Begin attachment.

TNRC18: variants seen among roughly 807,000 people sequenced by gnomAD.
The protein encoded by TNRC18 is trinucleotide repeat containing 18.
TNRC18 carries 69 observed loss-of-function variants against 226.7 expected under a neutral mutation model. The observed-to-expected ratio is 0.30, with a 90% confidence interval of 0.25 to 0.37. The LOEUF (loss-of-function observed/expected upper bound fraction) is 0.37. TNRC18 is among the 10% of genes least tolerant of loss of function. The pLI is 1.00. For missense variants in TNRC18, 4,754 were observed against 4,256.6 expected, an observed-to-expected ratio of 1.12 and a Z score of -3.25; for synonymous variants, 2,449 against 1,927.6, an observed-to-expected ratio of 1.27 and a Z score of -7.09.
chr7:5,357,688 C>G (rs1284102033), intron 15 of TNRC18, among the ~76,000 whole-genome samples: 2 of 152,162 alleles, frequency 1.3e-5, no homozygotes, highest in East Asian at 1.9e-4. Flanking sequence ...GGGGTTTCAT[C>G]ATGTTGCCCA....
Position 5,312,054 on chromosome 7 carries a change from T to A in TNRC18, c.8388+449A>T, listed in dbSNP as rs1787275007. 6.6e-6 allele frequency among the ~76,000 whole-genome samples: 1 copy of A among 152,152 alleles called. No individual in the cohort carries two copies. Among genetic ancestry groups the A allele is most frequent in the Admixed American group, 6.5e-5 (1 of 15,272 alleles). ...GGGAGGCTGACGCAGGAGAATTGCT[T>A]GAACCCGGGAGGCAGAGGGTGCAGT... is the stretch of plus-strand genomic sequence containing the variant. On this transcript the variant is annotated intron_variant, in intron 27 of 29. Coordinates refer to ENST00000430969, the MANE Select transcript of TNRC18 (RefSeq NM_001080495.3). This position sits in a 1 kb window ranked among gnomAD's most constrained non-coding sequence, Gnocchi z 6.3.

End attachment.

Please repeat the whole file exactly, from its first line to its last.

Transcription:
TNRC18: variants seen among roughly 807,000 people sequenced by gnomAD.
The protein encoded by TNRC18 is trinucleotide repeat containing 18.
TNRC18 carries 69 observed loss-of-function variants against 226.7 expected under a neutral mutation model. The observed-to-expected ratio is 0.30, with a 90% confidence interval of 0.25 to 0.37. The LOEUF (loss-of-function observed/expected upper bound fraction) is 0.37. TNRC18 is among the 10% of genes least tolerant of loss of function. The pLI is 1.00. For missense variants in TNRC18, 4,754 were observed against 4,256.6 expected, an observed-to-expected ratio of 1.12 and a Z score of -3.25; for synonymous variants, 2,449 against 1,927.6, an observed-to-expected ratio of 1.27 and a Z score of -7.09.
chr7:5,357,688 C>G (rs1284102033), intron 15 of TNRC18, among the ~76,000 whole-genome samples: 2 of 152,162 alleles, frequency 1.3e-5, no homozygotes, highest in East Asian at 1.9e-4. Flanking sequence ...GGGGTTTCAT[C>G]ATGTTGCCCA....
Position 5,312,054 on chromosome 7 carries a change from T to A in TNRC18, c.8388+449A>T, listed in dbSNP as rs1787275007. 6.6e-6 allele frequency among the ~76,000 whole-genome samples: 1 copy of A among 152,152 alleles called. No individual in the cohort carries two copies. Among genetic ancestry groups the A allele is most frequent in the Admixed American group, 6.5e-5 (1 of 15,272 alleles). ...GGGAGGCTGACGCAGGAGAATTGCT[T>A]GAACCCGGGAGGCAGAGGGTGCAGT... is the stretch of plus-strand genomic sequence containing the variant. On this transcript the variant is annotated intron_variant, in intron 27 of 29. Coordinates refer to ENST00000430969, the MANE Select transcript of TNRC18 (RefSeq NM_001080495.3). This position sits in a 1 kb window ranked among gnomAD's most constrained non-coding sequence, Gnocchi z 6.3.